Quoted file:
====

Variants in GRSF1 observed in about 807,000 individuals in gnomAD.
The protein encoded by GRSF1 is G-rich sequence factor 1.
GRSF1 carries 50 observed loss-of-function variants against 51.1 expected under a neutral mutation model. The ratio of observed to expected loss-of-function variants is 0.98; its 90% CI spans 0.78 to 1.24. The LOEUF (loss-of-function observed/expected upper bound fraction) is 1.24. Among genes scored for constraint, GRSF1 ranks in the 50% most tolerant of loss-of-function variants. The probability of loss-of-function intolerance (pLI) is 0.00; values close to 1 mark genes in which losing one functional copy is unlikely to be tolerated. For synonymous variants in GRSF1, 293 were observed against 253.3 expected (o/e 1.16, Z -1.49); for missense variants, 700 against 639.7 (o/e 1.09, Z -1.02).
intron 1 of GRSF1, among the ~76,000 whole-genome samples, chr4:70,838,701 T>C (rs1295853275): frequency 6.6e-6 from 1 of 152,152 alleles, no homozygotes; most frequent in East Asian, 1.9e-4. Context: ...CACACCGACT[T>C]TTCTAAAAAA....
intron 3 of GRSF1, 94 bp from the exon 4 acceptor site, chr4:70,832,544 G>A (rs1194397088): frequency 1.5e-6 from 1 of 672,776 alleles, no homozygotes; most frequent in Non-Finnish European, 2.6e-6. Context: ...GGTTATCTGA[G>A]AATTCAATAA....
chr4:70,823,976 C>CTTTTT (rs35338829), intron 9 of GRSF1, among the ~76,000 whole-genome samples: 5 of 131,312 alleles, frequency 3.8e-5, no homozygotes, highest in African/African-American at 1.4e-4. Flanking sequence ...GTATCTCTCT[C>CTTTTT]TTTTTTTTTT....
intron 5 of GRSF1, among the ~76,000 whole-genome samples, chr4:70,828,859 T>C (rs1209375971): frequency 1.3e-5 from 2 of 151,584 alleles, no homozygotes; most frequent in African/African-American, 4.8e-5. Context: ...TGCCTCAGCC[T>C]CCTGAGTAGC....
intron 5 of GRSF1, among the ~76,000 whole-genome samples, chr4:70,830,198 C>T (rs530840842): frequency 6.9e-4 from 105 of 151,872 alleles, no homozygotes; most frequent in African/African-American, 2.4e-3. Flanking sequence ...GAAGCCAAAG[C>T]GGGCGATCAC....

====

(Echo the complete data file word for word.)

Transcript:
Variants in GRSF1 observed in about 807,000 individuals in gnomAD.
The protein encoded by GRSF1 is G-rich sequence factor 1.
GRSF1 carries 50 observed loss-of-function variants against 51.1 expected under a neutral mutation model. The ratio of observed to expected loss-of-function variants is 0.98; its 90% CI spans 0.78 to 1.24. The LOEUF (loss-of-function observed/expected upper bound fraction) is 1.24. Among genes scored for constraint, GRSF1 ranks in the 50% most tolerant of loss-of-function variants. The probability of loss-of-function intolerance (pLI) is 0.00; values close to 1 mark genes in which losing one functional copy is unlikely to be tolerated. For synonymous variants in GRSF1, 293 were observed against 253.3 expected (o/e 1.16, Z -1.49); for missense variants, 700 against 639.7 (o/e 1.09, Z -1.02).
intron 1 of GRSF1, among the ~76,000 whole-genome samples, chr4:70,838,701 T>C (rs1295853275): frequency 6.6e-6 from 1 of 152,152 alleles, no homozygotes; most frequent in East Asian, 1.9e-4. Context: ...CACACCGACT[T>C]TTCTAAAAAA....
intron 3 of GRSF1, 94 bp from the exon 4 acceptor site, chr4:70,832,544 G>A (rs1194397088): frequency 1.5e-6 from 1 of 672,776 alleles, no homozygotes; most frequent in Non-Finnish European, 2.6e-6. Context: ...GGTTATCTGA[G>A]AATTCAATAA....
chr4:70,823,976 C>CTTTTT (rs35338829), intron 9 of GRSF1, among the ~76,000 whole-genome samples: 5 of 131,312 alleles, frequency 3.8e-5, no homozygotes, highest in African/African-American at 1.4e-4. Flanking sequence ...GTATCTCTCT[C>CTTTTT]TTTTTTTTTT....
intron 5 of GRSF1, among the ~76,000 whole-genome samples, chr4:70,828,859 T>C (rs1209375971): frequency 1.3e-5 from 2 of 151,584 alleles, no homozygotes; most frequent in African/African-American, 4.8e-5. Context: ...TGCCTCAGCC[T>C]CCTGAGTAGC....
intron 5 of GRSF1, among the ~76,000 whole-genome samples, chr4:70,830,198 C>T (rs530840842): frequency 6.9e-4 from 105 of 151,872 alleles, no homozygotes; most frequent in African/African-American, 2.4e-3. Flanking sequence ...GAAGCCAAAG[C>T]GGGCGATCAC....